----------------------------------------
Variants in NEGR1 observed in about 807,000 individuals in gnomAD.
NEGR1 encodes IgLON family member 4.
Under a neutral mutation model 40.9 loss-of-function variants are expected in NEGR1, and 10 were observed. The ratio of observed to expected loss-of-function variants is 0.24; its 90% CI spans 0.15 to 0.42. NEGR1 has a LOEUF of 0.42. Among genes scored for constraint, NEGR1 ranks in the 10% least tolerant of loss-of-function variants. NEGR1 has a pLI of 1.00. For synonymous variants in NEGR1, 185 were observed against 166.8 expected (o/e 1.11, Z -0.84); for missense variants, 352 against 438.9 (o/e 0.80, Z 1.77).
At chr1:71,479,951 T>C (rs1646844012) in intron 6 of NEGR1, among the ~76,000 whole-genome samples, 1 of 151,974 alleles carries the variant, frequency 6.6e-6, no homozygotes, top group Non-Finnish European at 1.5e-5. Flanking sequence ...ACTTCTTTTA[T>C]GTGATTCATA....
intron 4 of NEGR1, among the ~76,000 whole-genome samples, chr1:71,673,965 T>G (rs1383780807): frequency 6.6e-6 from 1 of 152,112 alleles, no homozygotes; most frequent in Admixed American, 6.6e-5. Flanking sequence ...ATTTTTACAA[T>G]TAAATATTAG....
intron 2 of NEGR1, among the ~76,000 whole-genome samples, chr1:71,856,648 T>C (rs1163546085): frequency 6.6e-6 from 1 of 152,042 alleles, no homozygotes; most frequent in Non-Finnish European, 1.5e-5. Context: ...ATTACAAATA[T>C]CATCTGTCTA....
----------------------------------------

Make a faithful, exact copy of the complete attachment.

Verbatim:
Variants in NEGR1 observed in about 807,000 individuals in gnomAD.
NEGR1 encodes IgLON family member 4.
Under a neutral mutation model 40.9 loss-of-function variants are expected in NEGR1, and 10 were observed. The ratio of observed to expected loss-of-function variants is 0.24; its 90% CI spans 0.15 to 0.42. NEGR1 has a LOEUF of 0.42. Among genes scored for constraint, NEGR1 ranks in the 10% least tolerant of loss-of-function variants. NEGR1 has a pLI of 1.00. For synonymous variants in NEGR1, 185 were observed against 166.8 expected (o/e 1.11, Z -0.84); for missense variants, 352 against 438.9 (o/e 0.80, Z 1.77).
At chr1:71,479,951 T>C (rs1646844012) in intron 6 of NEGR1, among the ~76,000 whole-genome samples, 1 of 151,974 alleles carries the variant, frequency 6.6e-6, no homozygotes, top group Non-Finnish European at 1.5e-5. Flanking sequence ...ACTTCTTTTA[T>C]GTGATTCATA....
intron 4 of NEGR1, among the ~76,000 whole-genome samples, chr1:71,673,965 T>G (rs1383780807): frequency 6.6e-6 from 1 of 152,112 alleles, no homozygotes; most frequent in Admixed American, 6.6e-5. Flanking sequence ...ATTTTTACAA[T>G]TAAATATTAG....
intron 2 of NEGR1, among the ~76,000 whole-genome samples, chr1:71,856,648 T>C (rs1163546085): frequency 6.6e-6 from 1 of 152,042 alleles, no homozygotes; most frequent in Non-Finnish European, 1.5e-5. Context: ...ATTACAAATA[T>C]CATCTGTCTA....